The YYIRT is also superior to the FIFA Interval Test in several practical ways requiring much less space, only a few cones (Figure A), an audio player (even a cell phone would suffice), and one test administrator. While more research is needed to show the potential correlation of the YYIRT results of referees and their match performance, the YYIRT has been shown to be very valuable for measuring the fitness of soccer players and correlates well with:

  • The high-intensity running, the sum of high-speed running and sprinting, and the total distance covered during match play in male professional football players.
  • The total high-intensity running distance, high-intensity running distance during the final 15 minutes of each half, and moderately correlated with total distance covered during match-play in female professional football players.
  • The high-intensity running, sprinting and total distance covered by youth football players.
  • The 20m multistage shuttle run/beep test in youth football players.
  • An incremental treadmill test (Bruce protocol) in youth football players.
  • The repeated sprint ability in youth football players.
  • The University of Montreal Track Test.

Since referees have been shown to best resemble midfielders, it may be possible to generalize these correlations with this position. Another valuable aspect of the YYIRT is its significant correlation to maximal oxygen usage (VO2Max), an important aspect of aerobic fitness, which is calculable (2). Given a large amount of normative data with soccer players, this will allow the referee crew to see their fitness more objectively and see how they compare to the level of players they officiate (Figure B).

Figure B

Interval Testing for Assistant Referees
Very similar to the Interval Test for referees, the test for assistants is the same total length (4000m) except the intervals are shorter and more frequent (see Figure 2 for test description).

Figure 2. The FIFA Interval Test for Assistant Referees

Assistant referees must complete 40 x 75m run / 25m walk intervals. This equates to 10 laps of a 400m athletics track. A lap consists of four 75 meter runs with four 25 meter recovery walks
The pace is dictated by the audio file and reference times are set in accordance with the assistant referee’s category.
Assistant referees must start from a standing position. They must not start before the whistle.On the whistle, assistant referees are allowed to start running.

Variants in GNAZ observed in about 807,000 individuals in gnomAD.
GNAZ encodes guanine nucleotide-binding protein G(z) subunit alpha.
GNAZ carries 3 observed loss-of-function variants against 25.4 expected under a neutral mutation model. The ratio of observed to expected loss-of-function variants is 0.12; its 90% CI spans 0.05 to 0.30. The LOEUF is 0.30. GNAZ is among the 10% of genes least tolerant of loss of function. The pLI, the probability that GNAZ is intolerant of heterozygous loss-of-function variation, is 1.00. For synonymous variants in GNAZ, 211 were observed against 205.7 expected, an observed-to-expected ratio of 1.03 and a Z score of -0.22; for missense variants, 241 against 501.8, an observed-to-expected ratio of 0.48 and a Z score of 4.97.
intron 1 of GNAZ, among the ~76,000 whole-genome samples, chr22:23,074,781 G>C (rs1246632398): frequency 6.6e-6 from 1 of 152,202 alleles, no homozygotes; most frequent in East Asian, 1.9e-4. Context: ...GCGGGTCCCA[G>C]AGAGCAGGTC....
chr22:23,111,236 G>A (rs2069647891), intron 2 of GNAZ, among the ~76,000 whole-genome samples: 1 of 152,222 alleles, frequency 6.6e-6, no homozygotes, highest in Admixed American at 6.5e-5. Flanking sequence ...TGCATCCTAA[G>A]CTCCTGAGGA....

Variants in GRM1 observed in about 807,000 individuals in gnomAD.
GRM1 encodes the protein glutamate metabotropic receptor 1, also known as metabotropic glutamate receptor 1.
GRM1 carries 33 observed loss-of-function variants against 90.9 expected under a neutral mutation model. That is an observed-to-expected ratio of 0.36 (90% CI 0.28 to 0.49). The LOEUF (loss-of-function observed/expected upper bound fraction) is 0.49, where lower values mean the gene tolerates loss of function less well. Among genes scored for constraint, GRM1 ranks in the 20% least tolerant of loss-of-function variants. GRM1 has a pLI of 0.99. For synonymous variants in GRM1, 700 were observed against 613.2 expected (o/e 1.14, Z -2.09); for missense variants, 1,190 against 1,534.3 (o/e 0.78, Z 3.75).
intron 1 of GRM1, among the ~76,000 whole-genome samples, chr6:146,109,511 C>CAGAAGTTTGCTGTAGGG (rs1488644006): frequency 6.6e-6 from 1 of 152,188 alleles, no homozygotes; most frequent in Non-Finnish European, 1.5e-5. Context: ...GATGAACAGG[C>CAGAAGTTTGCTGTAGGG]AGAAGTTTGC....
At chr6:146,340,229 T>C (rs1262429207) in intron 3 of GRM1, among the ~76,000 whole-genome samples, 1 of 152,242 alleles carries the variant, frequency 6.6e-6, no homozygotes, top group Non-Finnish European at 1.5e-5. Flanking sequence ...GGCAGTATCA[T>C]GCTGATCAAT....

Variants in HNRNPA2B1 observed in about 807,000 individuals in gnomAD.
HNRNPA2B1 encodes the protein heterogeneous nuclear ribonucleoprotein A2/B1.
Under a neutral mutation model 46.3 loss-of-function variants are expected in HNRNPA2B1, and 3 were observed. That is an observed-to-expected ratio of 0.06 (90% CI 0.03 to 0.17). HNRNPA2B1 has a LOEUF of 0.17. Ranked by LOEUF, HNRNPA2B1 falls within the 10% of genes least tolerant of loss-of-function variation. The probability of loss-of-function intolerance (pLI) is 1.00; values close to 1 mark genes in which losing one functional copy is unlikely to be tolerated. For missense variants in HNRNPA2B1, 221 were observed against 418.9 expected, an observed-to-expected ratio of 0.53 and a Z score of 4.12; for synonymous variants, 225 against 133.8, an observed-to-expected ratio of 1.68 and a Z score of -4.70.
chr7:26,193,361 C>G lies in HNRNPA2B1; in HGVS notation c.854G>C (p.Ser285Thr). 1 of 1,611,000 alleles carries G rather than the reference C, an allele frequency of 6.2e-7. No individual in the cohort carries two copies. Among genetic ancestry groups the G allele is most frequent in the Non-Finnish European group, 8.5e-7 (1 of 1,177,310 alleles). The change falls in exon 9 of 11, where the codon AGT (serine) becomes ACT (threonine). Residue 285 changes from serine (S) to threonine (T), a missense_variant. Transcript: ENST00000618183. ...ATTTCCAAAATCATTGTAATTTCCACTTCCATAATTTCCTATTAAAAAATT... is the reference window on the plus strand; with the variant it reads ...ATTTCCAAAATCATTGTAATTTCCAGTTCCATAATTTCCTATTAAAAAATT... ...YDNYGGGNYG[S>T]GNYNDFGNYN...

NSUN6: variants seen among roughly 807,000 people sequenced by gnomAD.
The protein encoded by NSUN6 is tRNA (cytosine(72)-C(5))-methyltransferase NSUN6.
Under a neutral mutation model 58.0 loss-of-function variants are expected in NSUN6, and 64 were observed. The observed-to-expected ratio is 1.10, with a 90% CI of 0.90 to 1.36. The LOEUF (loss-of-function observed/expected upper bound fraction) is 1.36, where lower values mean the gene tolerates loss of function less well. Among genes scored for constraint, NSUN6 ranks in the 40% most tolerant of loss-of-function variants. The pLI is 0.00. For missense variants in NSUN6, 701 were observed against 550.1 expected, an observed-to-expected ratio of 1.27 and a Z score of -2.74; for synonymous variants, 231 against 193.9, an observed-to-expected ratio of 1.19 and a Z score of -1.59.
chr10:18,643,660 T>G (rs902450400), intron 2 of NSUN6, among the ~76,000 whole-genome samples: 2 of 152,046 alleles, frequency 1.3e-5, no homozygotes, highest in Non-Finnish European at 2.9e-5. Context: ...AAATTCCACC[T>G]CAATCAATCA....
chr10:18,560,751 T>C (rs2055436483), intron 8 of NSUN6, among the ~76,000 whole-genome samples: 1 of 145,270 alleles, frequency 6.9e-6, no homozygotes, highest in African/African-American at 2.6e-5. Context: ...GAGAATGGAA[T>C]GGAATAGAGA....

At the end of each run, each assistant referee must enter the ‘walking area’ before the whistle. The walking area is marked out with a line 1.5m before and 1.5m behind the 75m line.
If an assistant referee fails to place a foot inside the walking area on time, they should receive a clear warning from the test leader. If an assistant referee fails to place a foot inside the walking area on time for a second occasion, they should be stopped by the test leader and informed that they have failed the test.
With the same practical and scientific drawbacks as the FIFA Interval Test for referees, this test has the same solution to better measure fitness of assistant and predict their match readiness – the Assistant Referee Intermittent Endurance Test (ARIET) (see Figure C).

Figure C.

According to another study by Castagna et al, this test is a reproducible and valid means of measuring the intermittent aerobic fitness of assistant referees and “able to distinguish between assistant referees of different competition levels” (4). For the same reasons as the YYIRT, the ARIET is also superior in practicality and administration to the current FIFA Interval Test for assistants. Lastly, the ARIET is more task-specific and requires to assistants to reproduce similar multi-directional movements and COD that would be used in a match. While more research is needed to show the potential correlation of the ARIET results of assistant and their match performance, referees organizations, even FIFA, are beginning to see the value of this test and using it as a means of measuring the aerobic fitness of assistant referees (3)

Developing Fitness with HIIT
While FIFA and other organizations are beginning to utilize the YYIRT and ARIET for testing the fitness of soccer referees, they are only optional tests that must be done in addition to the FIFA Interval Test (3). As this test still remains the official ‘gold-standard’ of measuring aerobic fitness, despite its many glaring flaws, the soccer referee crew must avoid the temptation of – 1) solely rehearsing the Interval Test as just a means of passing the PFT, and 2) only using long-slow distance (LSD) runs (or other cardiovascular training modalities). Training in these manners is a sure-fire means of inefficiently training and risking not being match ready, but intelligently using HIIT will improve the performance capacity of referee crews and better prepare them for match play.